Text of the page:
PPC Advertising: Art or Science?

Welcome to the first installment of what I hope will be the best way to help you learn how to create outrageously successful PPC advertising campaigns. How successful? My agency regularly achieves CTRs and conversion rate of between 5 and 6 percent — and double-digit rates for both are not uncommon, even for non-brand campaigns. ROIs of 200 percent are usually the minimum we shoot for — and we often get 1,000 percent and higher.

The good news: 90 percent of the techniques we use are based on science — well-documented and easily-learned best practices for constructing campaigns, interpreting data, and using those interpretations to improve results.

The other 10 percent of the techniques are more “artistic” — writing and designing ads and landing pages. But even for those aspects, best practices and guidelines have been studied and documented for years, and resources are readily available for learning them.

So stick with this series, and I’ll take you through the fundamentals of keyword research, account/campaign structure, ad writing and design, bidding strategy, landing page design, and conversion optimization. Even if you already consider yourself to be a fairly advanced marketer, you’re likely to pick up a few new tips, and possibly even experience a few head-slapping revelations.

This may be your first one: fundamentally, succeeding at PPC advertising depends mainly on one thing — your ability to persuade people to take action, based solely on a few well-chosen words. That’s a much more important success factor than understanding the intricacies of search algorithms or the inscrutable “features” of the Google AdWords, Yahoo Search Marketing, and Microsoft adCenter control consoles.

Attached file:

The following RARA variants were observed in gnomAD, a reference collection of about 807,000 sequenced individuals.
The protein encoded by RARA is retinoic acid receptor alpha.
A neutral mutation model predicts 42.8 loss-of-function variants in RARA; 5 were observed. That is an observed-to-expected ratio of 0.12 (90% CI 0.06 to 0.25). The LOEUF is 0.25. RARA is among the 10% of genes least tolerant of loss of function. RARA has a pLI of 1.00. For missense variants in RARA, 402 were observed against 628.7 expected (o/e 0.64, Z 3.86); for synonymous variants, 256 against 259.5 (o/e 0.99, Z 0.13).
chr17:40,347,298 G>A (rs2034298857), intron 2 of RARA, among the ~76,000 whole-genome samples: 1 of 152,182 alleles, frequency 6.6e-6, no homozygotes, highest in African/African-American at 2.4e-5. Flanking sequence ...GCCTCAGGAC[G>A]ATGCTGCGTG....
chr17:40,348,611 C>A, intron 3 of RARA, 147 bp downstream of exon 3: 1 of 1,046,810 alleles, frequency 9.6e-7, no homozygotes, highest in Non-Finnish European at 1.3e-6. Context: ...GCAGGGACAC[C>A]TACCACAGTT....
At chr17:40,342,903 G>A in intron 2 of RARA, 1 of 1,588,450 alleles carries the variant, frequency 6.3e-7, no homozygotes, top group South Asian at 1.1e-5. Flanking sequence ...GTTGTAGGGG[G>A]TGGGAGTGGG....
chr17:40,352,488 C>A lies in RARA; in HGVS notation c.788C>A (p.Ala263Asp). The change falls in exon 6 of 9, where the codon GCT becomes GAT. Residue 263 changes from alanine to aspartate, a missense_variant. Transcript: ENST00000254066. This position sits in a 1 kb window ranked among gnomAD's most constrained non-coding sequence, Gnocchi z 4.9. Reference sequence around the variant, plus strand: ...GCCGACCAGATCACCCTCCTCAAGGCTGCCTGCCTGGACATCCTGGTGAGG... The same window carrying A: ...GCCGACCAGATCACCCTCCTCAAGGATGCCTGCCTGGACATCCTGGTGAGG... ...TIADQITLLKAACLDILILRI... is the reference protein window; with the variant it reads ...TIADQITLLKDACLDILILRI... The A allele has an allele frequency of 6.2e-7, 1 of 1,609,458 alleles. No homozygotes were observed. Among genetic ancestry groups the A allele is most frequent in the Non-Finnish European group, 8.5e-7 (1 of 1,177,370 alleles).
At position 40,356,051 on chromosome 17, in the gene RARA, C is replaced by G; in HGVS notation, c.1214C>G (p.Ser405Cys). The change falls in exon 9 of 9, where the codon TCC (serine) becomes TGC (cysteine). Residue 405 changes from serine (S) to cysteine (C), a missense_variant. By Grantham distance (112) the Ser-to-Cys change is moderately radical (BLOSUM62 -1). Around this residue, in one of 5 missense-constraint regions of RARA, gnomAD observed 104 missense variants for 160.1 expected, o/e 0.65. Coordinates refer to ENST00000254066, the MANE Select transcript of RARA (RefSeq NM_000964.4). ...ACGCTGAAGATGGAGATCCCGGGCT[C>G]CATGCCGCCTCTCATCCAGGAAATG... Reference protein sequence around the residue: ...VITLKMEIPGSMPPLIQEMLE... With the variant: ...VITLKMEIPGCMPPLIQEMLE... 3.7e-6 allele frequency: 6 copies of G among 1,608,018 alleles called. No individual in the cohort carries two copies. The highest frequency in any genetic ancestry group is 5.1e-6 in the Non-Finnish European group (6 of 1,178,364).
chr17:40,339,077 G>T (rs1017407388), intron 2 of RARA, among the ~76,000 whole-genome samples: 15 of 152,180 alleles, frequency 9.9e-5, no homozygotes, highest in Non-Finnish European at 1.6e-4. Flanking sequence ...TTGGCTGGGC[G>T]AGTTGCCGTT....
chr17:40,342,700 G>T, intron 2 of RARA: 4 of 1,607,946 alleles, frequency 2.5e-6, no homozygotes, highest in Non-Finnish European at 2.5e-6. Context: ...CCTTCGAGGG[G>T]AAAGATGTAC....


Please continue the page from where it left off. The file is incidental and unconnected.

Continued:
The ability to write persuasive ad copy using just 130 characters is a big challenge. Especially if you’re up against significant competition. Your words must not only persuade; they must stand out from a page full of words all shouting for your customer’s attention. And after your words have convinced the searcher to click through to your site, it’s persuasive words (augmented by graphics) that convince the visitor to become a customer.

But here’s some good news: smart marketers have been studying, testing, and refining copywriting techniques for a long time. So there are some excellent resources out there for learning the art and science of effective copywriting.

Even better news: a big chunk of what you need to know is truly scientific — based on tested and proven theories.

Playing the PPC game without first taking the time to learn the fundamentals of advertising copywriting is like sitting down at the poker table with scant understanding of the rules, and proceeding to drop dollars into the pot while better-trained players scoop that money out.

There are excellent resources available for quickly and painlessly learning the fundamentals. Of course, there’s no substitute for years of experience, but learning and practicing the fundamentals will improve your results the minute you start.

Before I get into the details of how PPC advertising differs from other forms of direct response marketing, I urge you to:

  1. Read a book on the art and science of advertising. One of the best is “Scientific Advertising” by Claude Hopkins. Written in 1898, before the Internet, television, or radio, it’s one of the first hands-on manuals to present fundamentals based on scientific testing. It includes (almost) everything you need to know about writing and testing ads. And as a privileged reader of this column, you can get a copy for free. I’ve created a PDF version of the public-domain book — download it by clicking here. You should be able to get through its 52 pages in about an hour, so there’s no excuse to avoid reading it — do it now!
  2. Read a good book on advertising copywriting. My favorite is “Net Words: Creating High-Impact Online Copy” by one of the leading Web copywriting gurus, Nick Usborne. The first few chapters, while interesting, are largely about history and theory; persevere until you get to the meat in the later chapters.

That should keep you busy for a week. Next Monday, I’ll dive in and give you specific steps for building great keyword lists. Want to see me cover something special in this series? Let me know.

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